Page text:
Good morning. Here's my take on some of the stories driving the debate in politics, finance and social issues across Asia today:

Fresh China-Japan tensions flare up

Five days on the job in Tokyo and Caroline Kennedy already has an international crisis on her hands. The cause: China's newly announced air defense zone in the East China Sea around disputed islands administered by Japan. Tokyo expressed outrage, followed by the U.S., which drew its own rebuttal from China. Beijing's Defense Ministry filed protests to both nations’ embassies, calling Japan’s remarks “unreasonable” and the U.S. “wrong” for saying China's action was a destabilizing attempt to alter the status quo in the region. Welcome to Asia's troubled waters, Madam Ambassador.

Meet Joko Widodo, who could be Indonesia's next leader

As Susilo Bambang Yudhoyono's second presidential term winds down, voters in Asia's third most populous nation are looking to the governor of Jakarta. Joko Widodo, 52, finds himself mobbed wherever he goes. His steady rise on the national stage may pose an even bigger challenge than Yudhoyono's to the former generals, family dynasties and well-connected tycoons who have dominated Indonesian politics since dictator Suharto’s ouster in 1998. That could be great news for investors who worry Indonesia will slide back into its old, corrupt ways once Yudhoyono heads for the exit in 2014.

Asia's pre-tapering window

As the Federal Reserve delays plans to withdraw its massive stimulus from markets, the Asian Development Bank is offering sage advice: use this window of opportunity to batten down the hatches. "A delay in U.S. bond tapering gives the region a bit of extra time to make sure its economy and financial systems are resilient enough to face the likely market volatility ahead,” says Iwan Azis, head of Manila-based ADB’s office of regional economic integration. This window won't stay open for very long. Asia leaders would be wise to use it while they can.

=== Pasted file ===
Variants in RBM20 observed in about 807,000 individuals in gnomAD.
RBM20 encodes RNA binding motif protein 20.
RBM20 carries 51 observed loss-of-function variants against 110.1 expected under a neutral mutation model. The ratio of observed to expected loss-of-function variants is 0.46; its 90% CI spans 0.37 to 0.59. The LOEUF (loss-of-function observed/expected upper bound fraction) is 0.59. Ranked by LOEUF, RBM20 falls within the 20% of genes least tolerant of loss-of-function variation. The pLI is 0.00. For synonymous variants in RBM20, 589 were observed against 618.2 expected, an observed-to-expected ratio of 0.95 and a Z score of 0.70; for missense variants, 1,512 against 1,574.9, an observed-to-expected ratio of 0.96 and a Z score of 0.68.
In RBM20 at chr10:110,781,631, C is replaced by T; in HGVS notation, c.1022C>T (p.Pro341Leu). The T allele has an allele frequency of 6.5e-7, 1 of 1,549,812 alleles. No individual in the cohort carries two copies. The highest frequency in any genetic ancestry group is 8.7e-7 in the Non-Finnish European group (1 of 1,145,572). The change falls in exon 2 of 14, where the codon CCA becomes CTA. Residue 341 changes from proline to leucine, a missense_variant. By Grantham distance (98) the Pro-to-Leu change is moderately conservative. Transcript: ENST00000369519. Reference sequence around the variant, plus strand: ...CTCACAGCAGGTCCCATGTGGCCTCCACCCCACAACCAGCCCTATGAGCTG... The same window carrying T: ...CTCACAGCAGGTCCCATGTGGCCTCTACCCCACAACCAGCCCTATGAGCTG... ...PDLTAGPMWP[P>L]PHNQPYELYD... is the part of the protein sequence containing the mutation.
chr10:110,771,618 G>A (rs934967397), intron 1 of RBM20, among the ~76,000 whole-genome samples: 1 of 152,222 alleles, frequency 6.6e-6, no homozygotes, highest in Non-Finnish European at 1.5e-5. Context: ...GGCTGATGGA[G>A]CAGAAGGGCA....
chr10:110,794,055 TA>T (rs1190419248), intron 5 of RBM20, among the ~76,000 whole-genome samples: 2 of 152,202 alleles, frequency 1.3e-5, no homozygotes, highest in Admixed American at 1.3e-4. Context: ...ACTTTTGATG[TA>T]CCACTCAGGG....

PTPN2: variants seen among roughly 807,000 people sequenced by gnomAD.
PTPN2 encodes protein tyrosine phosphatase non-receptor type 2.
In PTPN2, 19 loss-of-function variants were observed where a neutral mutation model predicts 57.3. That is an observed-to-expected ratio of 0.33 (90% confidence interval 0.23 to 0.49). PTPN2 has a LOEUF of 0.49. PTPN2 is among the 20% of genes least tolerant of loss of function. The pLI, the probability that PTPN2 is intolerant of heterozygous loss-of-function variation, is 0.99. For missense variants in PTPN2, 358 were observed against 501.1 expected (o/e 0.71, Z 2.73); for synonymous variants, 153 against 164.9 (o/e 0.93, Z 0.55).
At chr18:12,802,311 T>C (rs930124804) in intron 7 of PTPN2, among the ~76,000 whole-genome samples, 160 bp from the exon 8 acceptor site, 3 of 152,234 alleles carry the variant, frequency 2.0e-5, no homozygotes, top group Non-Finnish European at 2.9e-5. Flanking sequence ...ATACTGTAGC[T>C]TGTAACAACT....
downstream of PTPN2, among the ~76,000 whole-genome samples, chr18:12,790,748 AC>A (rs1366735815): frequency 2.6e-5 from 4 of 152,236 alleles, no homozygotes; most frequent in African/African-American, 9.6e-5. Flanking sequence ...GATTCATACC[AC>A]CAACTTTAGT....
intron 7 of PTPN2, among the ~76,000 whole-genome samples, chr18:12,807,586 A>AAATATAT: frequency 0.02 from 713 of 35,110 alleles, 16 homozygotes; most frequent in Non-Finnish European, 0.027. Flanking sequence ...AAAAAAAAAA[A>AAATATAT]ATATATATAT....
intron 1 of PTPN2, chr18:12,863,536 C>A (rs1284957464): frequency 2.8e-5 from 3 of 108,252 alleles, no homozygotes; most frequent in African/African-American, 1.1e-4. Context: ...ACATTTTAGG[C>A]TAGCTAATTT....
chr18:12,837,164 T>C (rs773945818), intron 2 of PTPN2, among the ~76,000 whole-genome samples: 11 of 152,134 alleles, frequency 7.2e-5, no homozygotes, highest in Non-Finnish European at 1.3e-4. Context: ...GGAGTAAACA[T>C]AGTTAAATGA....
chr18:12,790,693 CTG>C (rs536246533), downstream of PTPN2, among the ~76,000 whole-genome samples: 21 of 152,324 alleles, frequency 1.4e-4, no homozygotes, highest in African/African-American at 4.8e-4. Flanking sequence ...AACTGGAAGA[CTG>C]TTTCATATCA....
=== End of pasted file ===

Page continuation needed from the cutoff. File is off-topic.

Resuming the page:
Bitcoin enjoys a China rally

China is mulling a new way to challenge the U.S. dollar's reserve-currency status: giving its blessing to the controversial digital currency known as Bitcoin. That's not the only reason why Gordon Chang, author of "The Coming Collapse of China," thinks the People’s Bank of China gave a cautious nod to the nascent transactional tool. But in this Forbes piece, he makes an intriguing geopolitical case for China's embrace of Bitcoin, which is on the verge of becoming the world’s first trillion-dollar non-fiat form of money.

Asia's worrisome climate-change concessions

First Japan dropped news it's watering down its target to cut greenhouse gas emissions. Then Chinese and Indian officials headed home from climate talks in Warsaw with concessions that are great news for governments in the short run, but ominous developments for humankind in the long run. Yes, rich nations need to do better. That doesn't excuse the two most populated ones from doing their part. These may look like wins for China and India, but they will only increase friction with other developing nations like the Philippines seeking to step up the fight against climate change.

(William Pesek is a Bloomberg View columnist. Follow him on Twitter.)